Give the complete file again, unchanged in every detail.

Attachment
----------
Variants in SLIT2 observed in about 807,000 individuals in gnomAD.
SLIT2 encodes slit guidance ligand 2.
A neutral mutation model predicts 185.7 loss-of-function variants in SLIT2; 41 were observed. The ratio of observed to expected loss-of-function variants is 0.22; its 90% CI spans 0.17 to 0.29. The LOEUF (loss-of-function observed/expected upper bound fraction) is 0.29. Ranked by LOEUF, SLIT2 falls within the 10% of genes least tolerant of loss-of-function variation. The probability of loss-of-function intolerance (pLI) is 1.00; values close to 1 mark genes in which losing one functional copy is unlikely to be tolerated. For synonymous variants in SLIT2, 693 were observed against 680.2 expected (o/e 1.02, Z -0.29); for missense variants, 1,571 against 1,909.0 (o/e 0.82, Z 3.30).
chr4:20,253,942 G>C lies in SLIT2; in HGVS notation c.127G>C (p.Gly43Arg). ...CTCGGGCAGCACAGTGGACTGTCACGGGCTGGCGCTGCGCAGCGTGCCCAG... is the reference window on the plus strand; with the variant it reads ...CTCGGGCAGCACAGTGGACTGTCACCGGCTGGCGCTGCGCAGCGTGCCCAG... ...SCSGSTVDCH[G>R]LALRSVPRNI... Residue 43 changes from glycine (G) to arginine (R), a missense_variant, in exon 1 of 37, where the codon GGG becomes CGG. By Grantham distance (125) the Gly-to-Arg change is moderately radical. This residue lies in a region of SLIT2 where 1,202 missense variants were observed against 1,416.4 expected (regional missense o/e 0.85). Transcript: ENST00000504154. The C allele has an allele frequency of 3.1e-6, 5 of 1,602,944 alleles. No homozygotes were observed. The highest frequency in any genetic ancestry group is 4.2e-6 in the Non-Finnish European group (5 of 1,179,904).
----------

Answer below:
Variants in SLIT2 observed in about 807,000 individuals in gnomAD.
SLIT2 encodes slit guidance ligand 2.
A neutral mutation model predicts 185.7 loss-of-function variants in SLIT2; 41 were observed. The ratio of observed to expected loss-of-function variants is 0.22; its 90% CI spans 0.17 to 0.29. The LOEUF (loss-of-function observed/expected upper bound fraction) is 0.29. Ranked by LOEUF, SLIT2 falls within the 10% of genes least tolerant of loss-of-function variation. The probability of loss-of-function intolerance (pLI) is 1.00; values close to 1 mark genes in which losing one functional copy is unlikely to be tolerated. For synonymous variants in SLIT2, 693 were observed against 680.2 expected (o/e 1.02, Z -0.29); for missense variants, 1,571 against 1,909.0 (o/e 0.82, Z 3.30).
chr4:20,253,942 G>C lies in SLIT2; in HGVS notation c.127G>C (p.Gly43Arg). ...CTCGGGCAGCACAGTGGACTGTCACGGGCTGGCGCTGCGCAGCGTGCCCAG... is the reference window on the plus strand; with the variant it reads ...CTCGGGCAGCACAGTGGACTGTCACCGGCTGGCGCTGCGCAGCGTGCCCAG... ...SCSGSTVDCH[G>R]LALRSVPRNI... Residue 43 changes from glycine (G) to arginine (R), a missense_variant, in exon 1 of 37, where the codon GGG becomes CGG. By Grantham distance (125) the Gly-to-Arg change is moderately radical. This residue lies in a region of SLIT2 where 1,202 missense variants were observed against 1,416.4 expected (regional missense o/e 0.85). Transcript: ENST00000504154. The C allele has an allele frequency of 3.1e-6, 5 of 1,602,944 alleles. No homozygotes were observed. The highest frequency in any genetic ancestry group is 4.2e-6 in the Non-Finnish European group (5 of 1,179,904).